# Black body balloon in vacuum [closed]

The problem statement, all variables and given/known data

There is a perfectly spherical balloon with surface painted black. It is placed in a perfect vacuum. It is gently inflated with an ideal mono-atomic gas at Kelvin temperature $T_i$, slowly enough so that it reaches thermal equilibrium with the gas, and then it is sealed off. It has radius $r_i$ at this time and contains N atoms. The vacuum is large, so radiation from its walls can be ignored.

a) Show that $\frac{T}{T_i}= \left(\frac{r}{r_i}\right)^3$ if the pressure inside the balloon is independent of its radius.

b) How much energy does the balloon radiate per second when it is at radius $r$? Express your answer in terms of $r$ and constants.

c) What is the rate of change of the internal energy of the gas? Express you answer in terms of $r$, $r˙$, and constants.

Relevant equations:

$$PV = nRT$$

$$J * A = σT^4 (4\pi r^2)$$

The attempt at a solution:

I already showed a), so I don't need help with that. In part b), I wrote pretty much $J * A = σT^4 (4\pi r^2)$ but I am unsure how to get a speed of radiation. I also have no idea how to do part c), so any help on parts b) or c) is welcome. Thanks!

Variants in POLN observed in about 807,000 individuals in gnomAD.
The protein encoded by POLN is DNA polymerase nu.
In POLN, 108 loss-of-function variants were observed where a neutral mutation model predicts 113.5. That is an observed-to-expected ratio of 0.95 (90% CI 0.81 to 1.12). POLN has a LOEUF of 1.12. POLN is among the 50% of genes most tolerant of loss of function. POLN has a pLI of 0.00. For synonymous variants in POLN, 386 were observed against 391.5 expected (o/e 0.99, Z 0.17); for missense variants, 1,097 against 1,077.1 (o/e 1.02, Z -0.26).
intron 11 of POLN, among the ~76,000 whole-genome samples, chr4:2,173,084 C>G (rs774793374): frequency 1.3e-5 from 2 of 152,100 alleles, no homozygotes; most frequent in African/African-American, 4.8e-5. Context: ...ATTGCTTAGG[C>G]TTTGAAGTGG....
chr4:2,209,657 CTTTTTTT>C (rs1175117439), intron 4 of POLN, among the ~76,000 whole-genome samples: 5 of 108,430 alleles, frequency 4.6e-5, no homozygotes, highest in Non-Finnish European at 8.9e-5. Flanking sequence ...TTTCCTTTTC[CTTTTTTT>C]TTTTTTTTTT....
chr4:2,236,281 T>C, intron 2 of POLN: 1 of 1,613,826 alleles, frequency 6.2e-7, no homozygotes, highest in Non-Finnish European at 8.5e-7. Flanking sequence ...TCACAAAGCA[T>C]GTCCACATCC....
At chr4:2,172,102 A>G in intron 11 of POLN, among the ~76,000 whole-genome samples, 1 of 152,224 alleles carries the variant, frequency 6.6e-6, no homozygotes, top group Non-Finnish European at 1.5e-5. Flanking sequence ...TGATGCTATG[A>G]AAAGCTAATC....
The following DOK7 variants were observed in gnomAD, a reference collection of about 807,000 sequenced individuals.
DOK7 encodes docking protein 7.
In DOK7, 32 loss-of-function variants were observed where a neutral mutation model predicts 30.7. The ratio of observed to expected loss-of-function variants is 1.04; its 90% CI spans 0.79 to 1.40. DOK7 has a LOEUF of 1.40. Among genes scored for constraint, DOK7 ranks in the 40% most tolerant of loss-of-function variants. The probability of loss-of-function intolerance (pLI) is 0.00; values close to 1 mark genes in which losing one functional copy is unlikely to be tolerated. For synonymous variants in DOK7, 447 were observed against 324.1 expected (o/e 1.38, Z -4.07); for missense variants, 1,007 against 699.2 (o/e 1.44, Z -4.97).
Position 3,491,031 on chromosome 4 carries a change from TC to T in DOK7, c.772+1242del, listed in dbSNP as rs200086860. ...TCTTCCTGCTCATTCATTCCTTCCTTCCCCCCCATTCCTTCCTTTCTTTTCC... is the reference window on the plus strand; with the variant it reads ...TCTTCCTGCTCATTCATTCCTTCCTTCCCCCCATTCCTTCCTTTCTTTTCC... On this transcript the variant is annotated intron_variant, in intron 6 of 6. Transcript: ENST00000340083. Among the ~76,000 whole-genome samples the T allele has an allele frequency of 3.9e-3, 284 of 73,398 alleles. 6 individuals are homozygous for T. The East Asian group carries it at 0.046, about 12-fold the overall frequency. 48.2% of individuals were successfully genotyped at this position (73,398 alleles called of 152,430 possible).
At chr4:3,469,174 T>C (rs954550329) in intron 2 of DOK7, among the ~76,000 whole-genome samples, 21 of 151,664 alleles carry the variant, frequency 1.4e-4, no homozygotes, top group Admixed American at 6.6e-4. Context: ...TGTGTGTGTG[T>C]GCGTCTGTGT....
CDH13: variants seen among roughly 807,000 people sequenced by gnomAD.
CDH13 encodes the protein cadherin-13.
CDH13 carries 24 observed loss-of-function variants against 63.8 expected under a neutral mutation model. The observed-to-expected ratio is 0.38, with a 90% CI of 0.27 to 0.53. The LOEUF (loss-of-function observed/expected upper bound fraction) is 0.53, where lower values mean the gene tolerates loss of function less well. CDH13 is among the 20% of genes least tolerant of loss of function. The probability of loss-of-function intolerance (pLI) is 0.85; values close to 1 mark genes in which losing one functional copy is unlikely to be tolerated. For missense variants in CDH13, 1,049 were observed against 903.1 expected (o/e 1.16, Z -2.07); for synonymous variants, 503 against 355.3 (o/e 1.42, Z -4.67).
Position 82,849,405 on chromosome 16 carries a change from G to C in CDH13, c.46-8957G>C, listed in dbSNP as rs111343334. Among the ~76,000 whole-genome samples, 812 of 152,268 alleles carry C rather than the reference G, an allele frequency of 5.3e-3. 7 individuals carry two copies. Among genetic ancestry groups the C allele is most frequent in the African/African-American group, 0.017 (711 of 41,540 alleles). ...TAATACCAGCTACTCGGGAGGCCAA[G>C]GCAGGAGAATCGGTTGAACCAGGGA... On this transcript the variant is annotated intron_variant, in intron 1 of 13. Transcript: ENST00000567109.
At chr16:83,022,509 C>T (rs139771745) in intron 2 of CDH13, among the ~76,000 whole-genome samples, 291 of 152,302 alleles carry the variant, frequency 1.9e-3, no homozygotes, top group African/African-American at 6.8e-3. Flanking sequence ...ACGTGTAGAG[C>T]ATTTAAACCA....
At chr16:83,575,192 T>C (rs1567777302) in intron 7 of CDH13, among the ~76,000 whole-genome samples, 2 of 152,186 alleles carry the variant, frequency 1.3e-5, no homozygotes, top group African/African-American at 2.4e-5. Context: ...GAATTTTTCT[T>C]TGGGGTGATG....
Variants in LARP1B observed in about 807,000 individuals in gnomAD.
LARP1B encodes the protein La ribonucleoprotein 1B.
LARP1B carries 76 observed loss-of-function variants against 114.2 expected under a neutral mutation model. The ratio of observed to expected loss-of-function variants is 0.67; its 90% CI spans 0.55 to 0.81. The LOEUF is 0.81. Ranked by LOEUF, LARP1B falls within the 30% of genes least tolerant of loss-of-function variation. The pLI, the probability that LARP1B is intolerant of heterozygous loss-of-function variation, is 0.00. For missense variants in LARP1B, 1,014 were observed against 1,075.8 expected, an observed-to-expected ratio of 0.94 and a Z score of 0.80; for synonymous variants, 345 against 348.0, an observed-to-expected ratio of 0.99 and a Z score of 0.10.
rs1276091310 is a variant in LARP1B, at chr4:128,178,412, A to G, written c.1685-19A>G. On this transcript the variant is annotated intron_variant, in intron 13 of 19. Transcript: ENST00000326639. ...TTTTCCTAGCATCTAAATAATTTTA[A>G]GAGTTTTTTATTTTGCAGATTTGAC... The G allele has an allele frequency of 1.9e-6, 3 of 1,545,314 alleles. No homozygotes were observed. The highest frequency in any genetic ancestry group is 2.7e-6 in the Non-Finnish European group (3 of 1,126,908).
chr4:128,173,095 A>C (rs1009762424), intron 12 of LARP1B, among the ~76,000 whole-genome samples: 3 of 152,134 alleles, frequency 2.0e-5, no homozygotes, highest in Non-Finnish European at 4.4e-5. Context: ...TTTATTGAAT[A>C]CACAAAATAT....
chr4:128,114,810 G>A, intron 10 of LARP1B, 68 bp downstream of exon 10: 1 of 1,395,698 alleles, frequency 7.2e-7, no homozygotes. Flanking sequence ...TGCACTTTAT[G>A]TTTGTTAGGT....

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## closed as too localized by Qmechanic♦Feb 15 '13 at 15:39

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I don't know what J*A is, so i'm not exactly sure which form of Stefan's law you're using. I think that if you use the following form, you should be fine: $$\frac{\mathrm dQ_b}{\mathrm dt}=A\sigma T^4$$ Here, $\mathrm Q_b$ is the radiant energy emitted by a perfectly black body in a small time $\mathrm dt$, so $\frac{\mathrm dQ_b}{\mathrm dt}$ is the rate of emission of energy. $A$ is the surface area of balloon.
Just out of interest, Is $J$ some sort of heat-current-density? It looks like emissive power to me.. – Manishearth Mar 13 '12 at 5:15
@EricMercer: By first law of thermodynamics, $Q=U+w$. $Q$ is heat, $U$ is internal energy. $w$ is work, but it is zero here because its a vacuum. So here, heat lost=decrease in internal energy. So they're the same here. – Manishearth Mar 13 '12 at 5:28
I guess what you did for b is correct. $dQ/dt$ is the amount of energy radiated per second. For c, since $Q=U$, their corresponding rates are the same as well (there may be a $\pm$, though). – Manishearth Mar 13 '12 at 5:29
If it helps, the $Q$ used in the first law of thermoD is $-Q_b$ here (since I took energy emitted) – Manishearth Mar 13 '12 at 5:31